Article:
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Gundam: Iron-Blooded Orphans; Ep 50

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#1 Cybersnark


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Posted 06 April 2017 - 06:35 PM

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Episode 50: Their Place

Tekkadan fulfills Orga's last command, and the survivors finally reach a world where they can be safe, but it's a pyrrhic victory at best.


While still tragic, the ending wasn't quite as dire as I feared it would be.

I'm prepared to call this the most realistic Gundam finale I've seen; the main villain escapes with no real consequences and the soldiers die in battle, their heroism ultimately pointless to the rest of the world, with only a handful knowing the full sacrifice.

On the other hand, the Seven Stars are abolished, Gjallarhorn is reformed, Mars gains its freedom, and steps have been taken to end the humanitarian crisis in the Outer Spheres. The human victories are smaller; Gaelio and Julieta, in hindsight, realize that they should have done things differently, which will hopefully guide their actions moving forward. Mikazuki's son will hopefully not have to suffer as his father did --though he will grow up never having known his father, or his "uncles."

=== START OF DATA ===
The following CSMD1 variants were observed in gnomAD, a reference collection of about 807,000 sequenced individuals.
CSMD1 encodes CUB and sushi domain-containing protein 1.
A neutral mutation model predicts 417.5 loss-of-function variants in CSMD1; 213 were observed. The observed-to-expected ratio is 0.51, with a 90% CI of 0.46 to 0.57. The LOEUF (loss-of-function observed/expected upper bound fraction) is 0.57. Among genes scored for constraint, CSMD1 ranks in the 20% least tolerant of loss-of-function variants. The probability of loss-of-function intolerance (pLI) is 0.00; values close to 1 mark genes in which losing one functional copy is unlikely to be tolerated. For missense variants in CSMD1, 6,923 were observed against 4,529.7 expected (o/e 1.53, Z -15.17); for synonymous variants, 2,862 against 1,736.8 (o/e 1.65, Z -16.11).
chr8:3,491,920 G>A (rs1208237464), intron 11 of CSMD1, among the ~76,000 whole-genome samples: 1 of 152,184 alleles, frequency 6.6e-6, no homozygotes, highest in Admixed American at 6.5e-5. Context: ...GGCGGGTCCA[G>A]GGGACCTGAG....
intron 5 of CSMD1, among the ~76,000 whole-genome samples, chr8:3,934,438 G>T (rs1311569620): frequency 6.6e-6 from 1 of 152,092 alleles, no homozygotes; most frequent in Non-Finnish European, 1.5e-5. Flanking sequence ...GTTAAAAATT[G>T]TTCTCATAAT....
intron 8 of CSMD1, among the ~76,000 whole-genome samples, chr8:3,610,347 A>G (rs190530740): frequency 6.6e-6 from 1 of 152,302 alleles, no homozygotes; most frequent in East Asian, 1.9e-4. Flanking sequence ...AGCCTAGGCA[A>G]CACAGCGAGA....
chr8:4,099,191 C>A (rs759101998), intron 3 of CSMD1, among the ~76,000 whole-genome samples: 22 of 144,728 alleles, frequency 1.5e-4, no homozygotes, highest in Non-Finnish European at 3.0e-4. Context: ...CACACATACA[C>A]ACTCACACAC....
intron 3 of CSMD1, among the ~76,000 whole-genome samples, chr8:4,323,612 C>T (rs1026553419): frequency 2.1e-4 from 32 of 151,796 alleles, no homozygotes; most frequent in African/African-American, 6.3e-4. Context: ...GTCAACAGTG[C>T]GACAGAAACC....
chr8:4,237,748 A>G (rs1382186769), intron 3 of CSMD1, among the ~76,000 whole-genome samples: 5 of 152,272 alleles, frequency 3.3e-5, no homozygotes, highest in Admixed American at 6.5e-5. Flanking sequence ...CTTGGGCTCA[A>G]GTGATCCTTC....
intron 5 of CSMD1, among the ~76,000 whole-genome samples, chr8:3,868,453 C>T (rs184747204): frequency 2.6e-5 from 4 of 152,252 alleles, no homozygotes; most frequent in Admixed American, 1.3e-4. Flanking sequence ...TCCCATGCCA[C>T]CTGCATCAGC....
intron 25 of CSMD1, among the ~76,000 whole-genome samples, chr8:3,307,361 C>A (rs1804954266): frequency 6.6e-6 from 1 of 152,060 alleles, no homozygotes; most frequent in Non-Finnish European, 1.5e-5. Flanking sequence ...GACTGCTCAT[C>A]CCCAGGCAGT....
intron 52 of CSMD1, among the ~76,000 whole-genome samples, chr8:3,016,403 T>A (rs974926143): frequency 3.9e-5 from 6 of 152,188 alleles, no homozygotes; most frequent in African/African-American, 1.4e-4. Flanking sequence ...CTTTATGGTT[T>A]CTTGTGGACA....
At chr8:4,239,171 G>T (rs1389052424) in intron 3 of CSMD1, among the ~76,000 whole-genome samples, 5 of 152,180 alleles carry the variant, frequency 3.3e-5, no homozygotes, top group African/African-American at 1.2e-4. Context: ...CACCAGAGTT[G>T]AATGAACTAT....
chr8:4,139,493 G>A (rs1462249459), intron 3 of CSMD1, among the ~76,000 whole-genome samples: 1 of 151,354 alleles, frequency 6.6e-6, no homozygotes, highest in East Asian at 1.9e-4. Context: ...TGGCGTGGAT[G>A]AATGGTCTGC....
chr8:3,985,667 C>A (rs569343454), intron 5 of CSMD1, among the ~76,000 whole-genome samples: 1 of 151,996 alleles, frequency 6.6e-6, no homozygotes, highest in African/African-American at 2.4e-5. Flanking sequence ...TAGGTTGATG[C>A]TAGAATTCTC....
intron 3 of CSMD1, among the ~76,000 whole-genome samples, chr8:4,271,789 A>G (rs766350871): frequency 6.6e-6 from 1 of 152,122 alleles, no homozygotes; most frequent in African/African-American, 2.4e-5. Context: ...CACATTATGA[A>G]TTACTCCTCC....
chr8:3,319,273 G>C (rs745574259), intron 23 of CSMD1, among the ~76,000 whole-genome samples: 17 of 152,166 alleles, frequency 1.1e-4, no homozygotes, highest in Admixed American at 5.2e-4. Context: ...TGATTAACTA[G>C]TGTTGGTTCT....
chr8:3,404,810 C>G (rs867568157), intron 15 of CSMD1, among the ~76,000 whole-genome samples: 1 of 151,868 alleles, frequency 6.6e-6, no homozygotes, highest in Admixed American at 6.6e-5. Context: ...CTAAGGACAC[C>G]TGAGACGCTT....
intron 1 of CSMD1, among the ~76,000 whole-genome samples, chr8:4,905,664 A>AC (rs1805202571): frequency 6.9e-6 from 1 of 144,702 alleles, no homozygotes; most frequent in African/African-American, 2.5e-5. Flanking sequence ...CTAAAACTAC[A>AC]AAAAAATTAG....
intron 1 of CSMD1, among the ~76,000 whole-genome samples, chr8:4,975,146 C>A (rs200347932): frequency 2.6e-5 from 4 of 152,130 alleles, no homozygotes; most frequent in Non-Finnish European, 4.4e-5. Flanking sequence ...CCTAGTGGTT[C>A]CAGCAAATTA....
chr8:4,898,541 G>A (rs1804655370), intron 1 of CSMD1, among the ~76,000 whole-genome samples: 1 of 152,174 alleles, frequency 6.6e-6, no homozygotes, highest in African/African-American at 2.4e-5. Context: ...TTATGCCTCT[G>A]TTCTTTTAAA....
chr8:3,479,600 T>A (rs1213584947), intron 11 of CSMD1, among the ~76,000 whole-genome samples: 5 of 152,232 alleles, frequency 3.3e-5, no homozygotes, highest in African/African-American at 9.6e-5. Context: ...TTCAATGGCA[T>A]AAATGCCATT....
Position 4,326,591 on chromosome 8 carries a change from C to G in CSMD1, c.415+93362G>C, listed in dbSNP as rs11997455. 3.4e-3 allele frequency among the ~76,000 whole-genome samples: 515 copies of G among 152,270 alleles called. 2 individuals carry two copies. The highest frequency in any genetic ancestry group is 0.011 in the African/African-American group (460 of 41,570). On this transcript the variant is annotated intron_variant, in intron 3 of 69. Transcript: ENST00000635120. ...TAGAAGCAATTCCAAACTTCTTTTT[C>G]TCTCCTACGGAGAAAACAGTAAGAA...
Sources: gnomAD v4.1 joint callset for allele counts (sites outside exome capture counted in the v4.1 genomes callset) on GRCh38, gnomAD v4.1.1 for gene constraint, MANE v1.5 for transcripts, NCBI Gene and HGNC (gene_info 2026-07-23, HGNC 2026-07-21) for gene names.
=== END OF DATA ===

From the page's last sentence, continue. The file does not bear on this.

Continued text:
Ultimately, the only real tragedy (I hesitate to call it a flaw, since it's clearly a deliberate narrative decision) is that the victory ends up happening completely independently of the heroes' actions. They were never more than pawns in a game far larger than any of them knew, manipulated into fighting against the very future they wanted.

And then there's Ride, and his followers. Still playing by the Tekkadan rulebook, bringing bloody "justice" to those who escape it (no one will shed tears for Nobliss the Backstabber). I have to think Ride's faction have their eyes on Rustal, but don't have the means to get at him.

I'm also curious as to where Almiria ends up. She probably wants Rustal dead as much as Ride does --and may have the fortune to allow Ride to get close to him.

The cause of Gaelio's condition is unknown --he was walking around with no trouble when he killed McGillis, so it's clearly not Gundam-induced paralysis like what happened to Mika. The bandages around his neck could suggest he's divested himself of the Alaya-Vijnana System. Perhaps that "demon" still managed to exact a price, or perhaps his immobility is only temporary.

I don't know how well this season did in Japan, but there're plenty of plot threads left if Sunrise wants to do a movie later. If they do, I'll review it here. Until then, thanks for following along!

(* Another forum has noted that the word Kudelia uses for "die" is chiru, which also means "scattered," like flowers that bloom in the desert.)
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